Figure 1
Schematic diagram showing structure of the RelA NF-κB subunit and the homology between the RelA transcriptional activation domains of human, mouse, rat, Xenopus and chicken

Conserved amino acids are shown in bold, and blocks of homology are highlighted. Conserved phenylalanine residues shown to be important for transactivation domain function [12] are underlined. The human sequence is from amino acids 428 to 551. | represents a conserved potential serine/threonine/tyrosine phosphorylation site. Sites reported to be phosphorylated are indicated with the amino acid number. *Glu→Asp mutation found in multiple myeloma patients [20].

TA1 (residues 521–551)

TA1 was originally identified through its ability to restore up to 95% of the transactivation potential of full-length RelA, with the exact amount dependent on the cell type used [10]. An acidic activation domain, conserved phenylalanine residues and the formation of a α-helical conformation were found to be potential contributors to the transactivation activity [11,12]. There is also a potential LXXLL motif over amino acids 523–528; however, this has not been investigated in the literature (LXXLL motifs are frequently found in transcription factors and mediate protein–protein interactions [13]). Two phosphorylation sites have been identified within this domain. Phosphorylation of Ser529 by protein kinase CKII has been shown to increase transactivation. Ser536 can be phosphorylated by IKKα, IKKβ, IKKϵ, NAK (NF-κB-activating kinase) and RSK1 (ribosomal S6 kinase 1), having effects on both nuclear translocation stability and transactivation [14]. There are five other possible phosphorylatable residues within TA1, which could mediate further regulation of TA1 activity.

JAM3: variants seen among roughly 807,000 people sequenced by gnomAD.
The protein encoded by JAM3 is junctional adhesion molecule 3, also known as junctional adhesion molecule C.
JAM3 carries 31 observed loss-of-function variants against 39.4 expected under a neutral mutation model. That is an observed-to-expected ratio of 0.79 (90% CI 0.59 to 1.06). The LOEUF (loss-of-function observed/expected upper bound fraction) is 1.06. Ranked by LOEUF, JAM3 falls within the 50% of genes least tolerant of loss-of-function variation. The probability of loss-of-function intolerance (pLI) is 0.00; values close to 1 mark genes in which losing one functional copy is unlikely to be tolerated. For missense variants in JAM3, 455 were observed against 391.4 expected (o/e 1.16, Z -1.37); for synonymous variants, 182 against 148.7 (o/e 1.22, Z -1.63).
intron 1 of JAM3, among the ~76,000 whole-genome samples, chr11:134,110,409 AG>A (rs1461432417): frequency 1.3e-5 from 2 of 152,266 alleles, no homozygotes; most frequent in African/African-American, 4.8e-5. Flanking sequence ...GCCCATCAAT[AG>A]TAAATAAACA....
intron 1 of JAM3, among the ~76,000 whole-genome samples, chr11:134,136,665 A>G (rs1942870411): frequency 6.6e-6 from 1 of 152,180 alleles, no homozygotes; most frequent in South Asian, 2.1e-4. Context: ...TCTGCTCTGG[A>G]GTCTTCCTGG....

TA2 (residues 428–521)

TA2 was originally shown to mediate up to 30% of full-length RelA transcriptional activity [10]. Later studies have isolated further the subdomains within TA2 which can mediate transcriptional activation [10,15,16]. On closer analysis, it is possible to divide TA2 further into three conserved blocks, which show a greater degree of homology than the surrounding regions. We propose to name these CR (conserved region) 1, 2 and 3. We suggest that these conserved motifs are likely to represent protein–protein interaction domains whose function can be regulated by conserved phosphorylation sites.

CR1